Grindelia. - The leaves and flowering tops of Grindelia robusta Nuttall, and of Grindelia squarrosa Dunal (nat. ord. Compositae).

Habitat

(1) G. robusta, North America, west of the Rocky Mountains, in salt marshes.

(2) G. squarrosa, Western Plains to the Sierra Nevada and south to Texas. Characters. - Leaves about 5 cm. or less long, varying from broadly spatulate or oblong to lanceolate, sessile or clasping, obtuse, more or less sharply serrate, often spinosely toothed, or even lacinate-pinnatifid, pale green, smooth, finely dotted, thickish, brittle; heads many-flowered, subglobular or somewhat conical; the involucre hemispherical, about 10 mm. broad, composed of numerous imbricated, squarrosely-tipped or spreading scales; ray-florets yellow, ligulate, pistillate; disk-florets yellow, tubular, perfect; pappus consisting of two or three awns of the length of the disk-florets; odor balsamic, taste pungently aromatic and bitter.

Composition

The chief constituents are - (1) A volatile oil. (2) A resin, resembling Saponin in its action. (3) Probably an alkaloid, Grinde-/in/

Dose, 1/4 to 1 dr.; 1. to 4. gm.

Preparation

Extractum Grindeliae Fluidum. Fluid Extract Of Grindelia

By maceration and percolation with Alcohol, and evaporation. Dose, 1/4 to 1 fl. dr.; 1. to 4. c.c.

Action And Therapeutics Of Grindelia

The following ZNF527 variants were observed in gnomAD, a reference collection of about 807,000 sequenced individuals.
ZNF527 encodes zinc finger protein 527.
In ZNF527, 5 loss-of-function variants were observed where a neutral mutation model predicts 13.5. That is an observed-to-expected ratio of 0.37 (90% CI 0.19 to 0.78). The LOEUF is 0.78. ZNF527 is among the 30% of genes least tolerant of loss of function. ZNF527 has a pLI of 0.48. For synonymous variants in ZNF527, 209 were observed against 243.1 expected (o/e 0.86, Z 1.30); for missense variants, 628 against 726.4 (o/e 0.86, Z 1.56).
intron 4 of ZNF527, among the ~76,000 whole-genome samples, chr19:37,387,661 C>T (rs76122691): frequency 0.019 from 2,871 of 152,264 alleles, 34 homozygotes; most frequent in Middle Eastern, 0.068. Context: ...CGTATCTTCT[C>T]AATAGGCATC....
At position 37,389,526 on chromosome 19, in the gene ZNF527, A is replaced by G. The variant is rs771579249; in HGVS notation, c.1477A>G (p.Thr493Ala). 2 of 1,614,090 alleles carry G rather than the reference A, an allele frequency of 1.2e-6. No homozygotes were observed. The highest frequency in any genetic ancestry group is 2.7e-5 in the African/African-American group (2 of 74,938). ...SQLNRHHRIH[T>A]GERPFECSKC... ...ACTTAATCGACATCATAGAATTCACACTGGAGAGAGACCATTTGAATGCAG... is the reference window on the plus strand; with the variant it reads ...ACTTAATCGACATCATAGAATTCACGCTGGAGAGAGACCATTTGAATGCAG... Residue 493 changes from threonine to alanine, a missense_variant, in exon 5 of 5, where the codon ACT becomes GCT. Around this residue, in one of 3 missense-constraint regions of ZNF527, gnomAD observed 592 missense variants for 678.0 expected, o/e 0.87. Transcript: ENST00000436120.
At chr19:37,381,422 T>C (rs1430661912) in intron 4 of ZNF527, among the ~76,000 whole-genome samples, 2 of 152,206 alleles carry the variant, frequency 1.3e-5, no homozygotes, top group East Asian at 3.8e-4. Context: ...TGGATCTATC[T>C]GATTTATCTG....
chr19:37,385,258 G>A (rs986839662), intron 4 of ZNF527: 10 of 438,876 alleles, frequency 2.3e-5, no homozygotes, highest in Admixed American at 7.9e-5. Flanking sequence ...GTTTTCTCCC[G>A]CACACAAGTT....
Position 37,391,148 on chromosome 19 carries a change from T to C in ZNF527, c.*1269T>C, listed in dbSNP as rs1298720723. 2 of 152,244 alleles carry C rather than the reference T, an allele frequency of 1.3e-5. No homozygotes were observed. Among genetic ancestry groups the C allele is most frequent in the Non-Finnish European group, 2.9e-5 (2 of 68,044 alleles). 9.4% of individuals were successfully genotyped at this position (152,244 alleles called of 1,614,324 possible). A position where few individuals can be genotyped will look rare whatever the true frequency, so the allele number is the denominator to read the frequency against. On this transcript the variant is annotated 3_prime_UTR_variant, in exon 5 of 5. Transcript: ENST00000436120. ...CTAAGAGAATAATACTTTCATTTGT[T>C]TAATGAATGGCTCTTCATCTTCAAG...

In small doses, grindelia is a mild stomachic and cardiac sedative, but its main action depends upon the fact that in its excretion by the bronchial mucous membrane it acts as an expectorant, and also relaxes the muscular coat of the bronchial tubes, and this explains its efficacy in the symptom asthma. Two or three doses of twenty minims; 1.20 c.c., of the fluid extract in milk, which prevents precipitation of the resin, given every twenty minutes, will often allay the paroxysms of asthma. Between the attacks, this dose should be taken three times daily. The same quantity may with advantage be added to mixtures prescribed for chronic bronchitis, for not only is grindelia an expectorant, but it relieves the asthmatic paroxysms which so frequently accompany bronchitis. It is very bitter; its taste is best concealed by Spiritus Chloroformi. Linen soaked in a lotion of the fluid extract in water, 1 to 48, is applied to the skin for the dermatitis caused by Rhus toxicodendron, the poison ivy. The same lotion is used in burns and as an injection in gleet and leucorrhoea.